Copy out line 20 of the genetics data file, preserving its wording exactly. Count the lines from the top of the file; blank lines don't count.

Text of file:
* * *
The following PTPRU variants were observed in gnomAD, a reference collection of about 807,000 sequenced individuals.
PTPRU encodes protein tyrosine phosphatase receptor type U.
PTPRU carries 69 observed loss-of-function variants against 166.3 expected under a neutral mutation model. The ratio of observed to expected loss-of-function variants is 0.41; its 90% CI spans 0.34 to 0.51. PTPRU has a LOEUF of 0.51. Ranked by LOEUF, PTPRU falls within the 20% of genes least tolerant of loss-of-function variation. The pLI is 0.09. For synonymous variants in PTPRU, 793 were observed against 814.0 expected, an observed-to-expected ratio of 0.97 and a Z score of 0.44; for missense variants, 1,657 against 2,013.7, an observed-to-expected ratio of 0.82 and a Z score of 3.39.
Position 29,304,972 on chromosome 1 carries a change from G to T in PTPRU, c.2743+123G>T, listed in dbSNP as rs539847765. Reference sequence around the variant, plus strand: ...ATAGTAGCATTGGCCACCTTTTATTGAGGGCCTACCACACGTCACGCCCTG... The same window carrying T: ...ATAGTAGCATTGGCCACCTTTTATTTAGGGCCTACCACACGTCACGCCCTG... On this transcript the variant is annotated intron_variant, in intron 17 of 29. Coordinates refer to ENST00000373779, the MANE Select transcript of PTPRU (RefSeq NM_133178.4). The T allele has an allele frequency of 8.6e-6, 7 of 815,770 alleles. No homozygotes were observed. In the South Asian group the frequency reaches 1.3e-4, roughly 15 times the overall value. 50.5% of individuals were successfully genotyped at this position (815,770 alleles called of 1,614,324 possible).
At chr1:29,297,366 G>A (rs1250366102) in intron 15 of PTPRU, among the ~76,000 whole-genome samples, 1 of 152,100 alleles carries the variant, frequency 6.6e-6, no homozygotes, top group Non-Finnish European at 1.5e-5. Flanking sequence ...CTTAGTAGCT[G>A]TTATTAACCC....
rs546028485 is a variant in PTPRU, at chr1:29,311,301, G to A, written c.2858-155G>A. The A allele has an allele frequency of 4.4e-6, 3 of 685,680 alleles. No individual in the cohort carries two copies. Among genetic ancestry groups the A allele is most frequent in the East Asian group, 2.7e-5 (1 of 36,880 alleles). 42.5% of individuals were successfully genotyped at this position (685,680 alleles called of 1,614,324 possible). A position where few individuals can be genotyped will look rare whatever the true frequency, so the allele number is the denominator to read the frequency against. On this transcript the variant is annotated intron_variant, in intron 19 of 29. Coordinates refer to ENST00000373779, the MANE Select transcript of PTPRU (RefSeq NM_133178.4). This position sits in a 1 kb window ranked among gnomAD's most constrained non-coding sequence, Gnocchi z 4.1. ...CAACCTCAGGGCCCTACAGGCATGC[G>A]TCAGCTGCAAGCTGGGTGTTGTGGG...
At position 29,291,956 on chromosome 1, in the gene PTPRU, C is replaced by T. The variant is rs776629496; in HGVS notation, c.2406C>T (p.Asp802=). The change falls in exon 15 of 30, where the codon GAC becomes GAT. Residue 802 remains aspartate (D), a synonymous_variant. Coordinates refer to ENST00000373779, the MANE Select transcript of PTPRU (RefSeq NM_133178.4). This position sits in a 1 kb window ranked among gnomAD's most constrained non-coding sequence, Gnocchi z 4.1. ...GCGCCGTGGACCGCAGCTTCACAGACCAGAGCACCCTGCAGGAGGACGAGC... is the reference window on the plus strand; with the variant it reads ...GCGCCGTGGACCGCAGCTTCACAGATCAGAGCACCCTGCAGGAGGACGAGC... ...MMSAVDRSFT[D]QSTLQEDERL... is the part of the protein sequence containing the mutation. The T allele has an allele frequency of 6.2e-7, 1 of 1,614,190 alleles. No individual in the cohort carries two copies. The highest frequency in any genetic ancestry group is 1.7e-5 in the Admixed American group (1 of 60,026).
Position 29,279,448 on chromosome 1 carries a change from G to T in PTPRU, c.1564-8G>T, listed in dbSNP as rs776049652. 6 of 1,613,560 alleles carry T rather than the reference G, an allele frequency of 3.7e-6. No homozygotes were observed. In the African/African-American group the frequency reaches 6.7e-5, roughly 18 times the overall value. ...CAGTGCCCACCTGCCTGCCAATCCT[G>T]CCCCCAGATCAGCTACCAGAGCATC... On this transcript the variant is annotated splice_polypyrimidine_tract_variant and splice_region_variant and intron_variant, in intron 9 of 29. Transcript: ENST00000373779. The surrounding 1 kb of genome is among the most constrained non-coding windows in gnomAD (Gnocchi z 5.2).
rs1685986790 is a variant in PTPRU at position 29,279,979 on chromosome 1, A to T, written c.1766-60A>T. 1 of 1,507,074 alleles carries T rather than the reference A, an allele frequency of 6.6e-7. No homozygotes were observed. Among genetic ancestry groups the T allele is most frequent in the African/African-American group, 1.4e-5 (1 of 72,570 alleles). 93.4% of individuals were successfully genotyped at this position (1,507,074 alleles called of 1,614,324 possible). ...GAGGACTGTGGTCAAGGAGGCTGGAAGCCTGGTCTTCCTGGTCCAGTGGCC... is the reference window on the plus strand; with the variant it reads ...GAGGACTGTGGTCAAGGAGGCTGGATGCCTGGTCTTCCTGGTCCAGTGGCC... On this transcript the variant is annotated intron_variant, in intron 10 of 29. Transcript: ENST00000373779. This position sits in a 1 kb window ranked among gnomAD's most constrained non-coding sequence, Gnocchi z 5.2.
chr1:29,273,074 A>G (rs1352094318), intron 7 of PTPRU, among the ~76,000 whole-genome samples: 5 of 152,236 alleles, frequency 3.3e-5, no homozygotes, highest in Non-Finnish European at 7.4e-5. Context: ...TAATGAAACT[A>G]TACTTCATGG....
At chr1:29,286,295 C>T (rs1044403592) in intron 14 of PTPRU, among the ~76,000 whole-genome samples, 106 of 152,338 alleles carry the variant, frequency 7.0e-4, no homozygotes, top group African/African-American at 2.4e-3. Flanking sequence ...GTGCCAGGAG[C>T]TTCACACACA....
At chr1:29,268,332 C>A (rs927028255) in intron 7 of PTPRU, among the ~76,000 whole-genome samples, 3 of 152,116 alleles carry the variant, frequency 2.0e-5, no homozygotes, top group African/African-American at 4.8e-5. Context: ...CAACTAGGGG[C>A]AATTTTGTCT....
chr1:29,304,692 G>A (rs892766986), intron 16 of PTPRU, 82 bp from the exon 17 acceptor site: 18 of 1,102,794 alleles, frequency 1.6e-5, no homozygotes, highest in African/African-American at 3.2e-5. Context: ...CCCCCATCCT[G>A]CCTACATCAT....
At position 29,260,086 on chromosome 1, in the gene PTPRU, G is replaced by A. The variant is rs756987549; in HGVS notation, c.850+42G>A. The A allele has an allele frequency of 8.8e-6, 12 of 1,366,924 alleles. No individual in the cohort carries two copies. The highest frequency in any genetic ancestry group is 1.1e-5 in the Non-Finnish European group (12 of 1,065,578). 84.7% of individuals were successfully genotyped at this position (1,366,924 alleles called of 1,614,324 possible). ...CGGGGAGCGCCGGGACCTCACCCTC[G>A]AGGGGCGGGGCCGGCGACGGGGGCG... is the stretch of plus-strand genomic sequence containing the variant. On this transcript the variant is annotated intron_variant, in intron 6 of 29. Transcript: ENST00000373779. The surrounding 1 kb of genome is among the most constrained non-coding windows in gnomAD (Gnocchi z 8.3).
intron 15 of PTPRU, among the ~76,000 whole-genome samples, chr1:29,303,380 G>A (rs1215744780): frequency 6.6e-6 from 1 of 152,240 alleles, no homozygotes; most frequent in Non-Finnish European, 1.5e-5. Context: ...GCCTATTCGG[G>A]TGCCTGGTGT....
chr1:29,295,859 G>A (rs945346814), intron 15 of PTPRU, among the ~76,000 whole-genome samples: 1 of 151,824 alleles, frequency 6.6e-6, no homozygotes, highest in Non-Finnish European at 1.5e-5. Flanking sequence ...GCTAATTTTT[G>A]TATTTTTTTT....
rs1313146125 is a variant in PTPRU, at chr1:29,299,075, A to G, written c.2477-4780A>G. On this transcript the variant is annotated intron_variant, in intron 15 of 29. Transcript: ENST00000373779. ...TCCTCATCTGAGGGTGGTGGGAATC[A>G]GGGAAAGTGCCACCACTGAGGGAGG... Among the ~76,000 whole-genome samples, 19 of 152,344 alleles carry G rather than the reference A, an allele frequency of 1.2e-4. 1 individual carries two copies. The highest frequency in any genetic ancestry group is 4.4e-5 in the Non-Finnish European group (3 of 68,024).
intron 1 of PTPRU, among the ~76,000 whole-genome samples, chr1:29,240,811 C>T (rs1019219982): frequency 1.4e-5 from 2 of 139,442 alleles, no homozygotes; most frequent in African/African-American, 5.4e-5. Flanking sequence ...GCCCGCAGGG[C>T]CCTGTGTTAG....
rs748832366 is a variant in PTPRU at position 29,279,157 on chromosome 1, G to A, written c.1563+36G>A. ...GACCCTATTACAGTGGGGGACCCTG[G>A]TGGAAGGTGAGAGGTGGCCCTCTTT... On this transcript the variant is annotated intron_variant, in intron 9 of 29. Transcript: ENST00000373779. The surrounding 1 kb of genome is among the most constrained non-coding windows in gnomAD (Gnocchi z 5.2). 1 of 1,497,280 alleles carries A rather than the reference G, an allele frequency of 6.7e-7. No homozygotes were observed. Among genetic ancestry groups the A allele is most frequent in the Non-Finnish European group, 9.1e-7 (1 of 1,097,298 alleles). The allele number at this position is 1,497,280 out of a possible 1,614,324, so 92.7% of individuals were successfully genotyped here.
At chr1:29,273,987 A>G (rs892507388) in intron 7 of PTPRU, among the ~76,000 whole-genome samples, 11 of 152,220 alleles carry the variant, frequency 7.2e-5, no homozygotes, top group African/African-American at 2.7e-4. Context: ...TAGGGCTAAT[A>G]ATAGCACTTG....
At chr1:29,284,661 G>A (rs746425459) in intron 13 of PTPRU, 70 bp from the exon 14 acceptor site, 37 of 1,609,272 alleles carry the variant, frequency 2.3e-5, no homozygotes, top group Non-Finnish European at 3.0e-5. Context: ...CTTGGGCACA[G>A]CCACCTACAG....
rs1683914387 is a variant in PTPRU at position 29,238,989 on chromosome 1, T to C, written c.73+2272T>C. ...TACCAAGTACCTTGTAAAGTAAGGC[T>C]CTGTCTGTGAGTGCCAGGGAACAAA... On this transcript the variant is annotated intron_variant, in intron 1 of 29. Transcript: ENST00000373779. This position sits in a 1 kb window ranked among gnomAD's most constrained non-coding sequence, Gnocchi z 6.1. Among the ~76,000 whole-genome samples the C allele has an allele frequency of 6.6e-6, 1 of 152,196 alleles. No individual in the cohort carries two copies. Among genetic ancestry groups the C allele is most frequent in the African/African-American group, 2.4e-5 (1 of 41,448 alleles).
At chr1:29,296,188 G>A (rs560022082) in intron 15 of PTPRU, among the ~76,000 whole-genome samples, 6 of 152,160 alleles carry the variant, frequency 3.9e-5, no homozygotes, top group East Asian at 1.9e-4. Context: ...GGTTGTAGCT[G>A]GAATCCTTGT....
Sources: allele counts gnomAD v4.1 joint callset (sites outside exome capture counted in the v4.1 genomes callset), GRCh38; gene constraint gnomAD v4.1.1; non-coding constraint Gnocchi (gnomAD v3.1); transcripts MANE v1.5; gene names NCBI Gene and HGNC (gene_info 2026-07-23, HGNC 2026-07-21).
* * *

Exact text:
At chr1:29,273,987 A>G (rs892507388) in intron 7 of PTPRU, among the ~76,000 whole-genome samples, 11 of 152,220 alleles carry the variant, frequency 7.2e-5, no homozygotes, top group African/African-American at 2.7e-4. Context: ...TAGGGCTAAT[A>G]ATAGCACTTG....